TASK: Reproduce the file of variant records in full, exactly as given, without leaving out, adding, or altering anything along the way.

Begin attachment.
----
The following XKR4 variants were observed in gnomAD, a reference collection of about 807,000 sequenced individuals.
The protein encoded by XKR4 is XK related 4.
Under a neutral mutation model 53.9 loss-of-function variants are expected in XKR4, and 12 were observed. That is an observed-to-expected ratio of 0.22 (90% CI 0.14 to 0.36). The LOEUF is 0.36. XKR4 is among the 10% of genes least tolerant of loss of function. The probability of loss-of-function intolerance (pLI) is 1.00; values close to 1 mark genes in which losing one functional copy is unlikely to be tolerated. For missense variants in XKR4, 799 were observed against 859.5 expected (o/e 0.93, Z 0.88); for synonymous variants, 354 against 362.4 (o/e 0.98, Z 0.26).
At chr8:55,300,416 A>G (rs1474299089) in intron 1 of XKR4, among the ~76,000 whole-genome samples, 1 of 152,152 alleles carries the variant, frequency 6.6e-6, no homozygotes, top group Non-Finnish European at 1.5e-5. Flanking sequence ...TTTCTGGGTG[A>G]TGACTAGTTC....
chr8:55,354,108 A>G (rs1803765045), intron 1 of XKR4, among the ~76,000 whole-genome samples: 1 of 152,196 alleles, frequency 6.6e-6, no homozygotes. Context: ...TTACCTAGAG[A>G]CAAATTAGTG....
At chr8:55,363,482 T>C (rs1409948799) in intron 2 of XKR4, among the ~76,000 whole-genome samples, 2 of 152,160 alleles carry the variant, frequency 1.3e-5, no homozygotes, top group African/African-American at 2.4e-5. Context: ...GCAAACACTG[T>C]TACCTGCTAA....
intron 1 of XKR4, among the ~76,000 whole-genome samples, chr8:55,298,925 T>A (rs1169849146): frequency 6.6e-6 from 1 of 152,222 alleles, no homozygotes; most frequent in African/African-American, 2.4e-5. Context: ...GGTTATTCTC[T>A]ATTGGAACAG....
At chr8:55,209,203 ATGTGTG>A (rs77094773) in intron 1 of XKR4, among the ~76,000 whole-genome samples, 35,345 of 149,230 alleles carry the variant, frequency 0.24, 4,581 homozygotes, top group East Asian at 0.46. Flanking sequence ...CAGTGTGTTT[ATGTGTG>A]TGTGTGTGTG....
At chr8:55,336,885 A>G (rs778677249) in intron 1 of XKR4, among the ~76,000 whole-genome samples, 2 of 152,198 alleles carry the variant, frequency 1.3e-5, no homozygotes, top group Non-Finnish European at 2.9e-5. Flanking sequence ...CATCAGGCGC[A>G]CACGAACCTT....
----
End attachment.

The following XKR4 variants were observed in gnomAD, a reference collection of about 807,000 sequenced individuals.
The protein encoded by XKR4 is XK related 4.
Under a neutral mutation model 53.9 loss-of-function variants are expected in XKR4, and 12 were observed. That is an observed-to-expected ratio of 0.22 (90% CI 0.14 to 0.36). The LOEUF is 0.36. XKR4 is among the 10% of genes least tolerant of loss of function. The probability of loss-of-function intolerance (pLI) is 1.00; values close to 1 mark genes in which losing one functional copy is unlikely to be tolerated. For missense variants in XKR4, 799 were observed against 859.5 expected (o/e 0.93, Z 0.88); for synonymous variants, 354 against 362.4 (o/e 0.98, Z 0.26).
At chr8:55,300,416 A>G (rs1474299089) in intron 1 of XKR4, among the ~76,000 whole-genome samples, 1 of 152,152 alleles carries the variant, frequency 6.6e-6, no homozygotes, top group Non-Finnish European at 1.5e-5. Flanking sequence ...TTTCTGGGTG[A>G]TGACTAGTTC....
chr8:55,354,108 A>G (rs1803765045), intron 1 of XKR4, among the ~76,000 whole-genome samples: 1 of 152,196 alleles, frequency 6.6e-6, no homozygotes. Context: ...TTACCTAGAG[A>G]CAAATTAGTG....
At chr8:55,363,482 T>C (rs1409948799) in intron 2 of XKR4, among the ~76,000 whole-genome samples, 2 of 152,160 alleles carry the variant, frequency 1.3e-5, no homozygotes, top group African/African-American at 2.4e-5. Context: ...GCAAACACTG[T>C]TACCTGCTAA....
intron 1 of XKR4, among the ~76,000 whole-genome samples, chr8:55,298,925 T>A (rs1169849146): frequency 6.6e-6 from 1 of 152,222 alleles, no homozygotes; most frequent in African/African-American, 2.4e-5. Context: ...GGTTATTCTC[T>A]ATTGGAACAG....
At chr8:55,209,203 ATGTGTG>A (rs77094773) in intron 1 of XKR4, among the ~76,000 whole-genome samples, 35,345 of 149,230 alleles carry the variant, frequency 0.24, 4,581 homozygotes, top group East Asian at 0.46. Flanking sequence ...CAGTGTGTTT[ATGTGTG>A]TGTGTGTGTG....
At chr8:55,336,885 A>G (rs778677249) in intron 1 of XKR4, among the ~76,000 whole-genome samples, 2 of 152,198 alleles carry the variant, frequency 1.3e-5, no homozygotes, top group Non-Finnish European at 2.9e-5. Flanking sequence ...CATCAGGCGC[A>G]CACGAACCTT....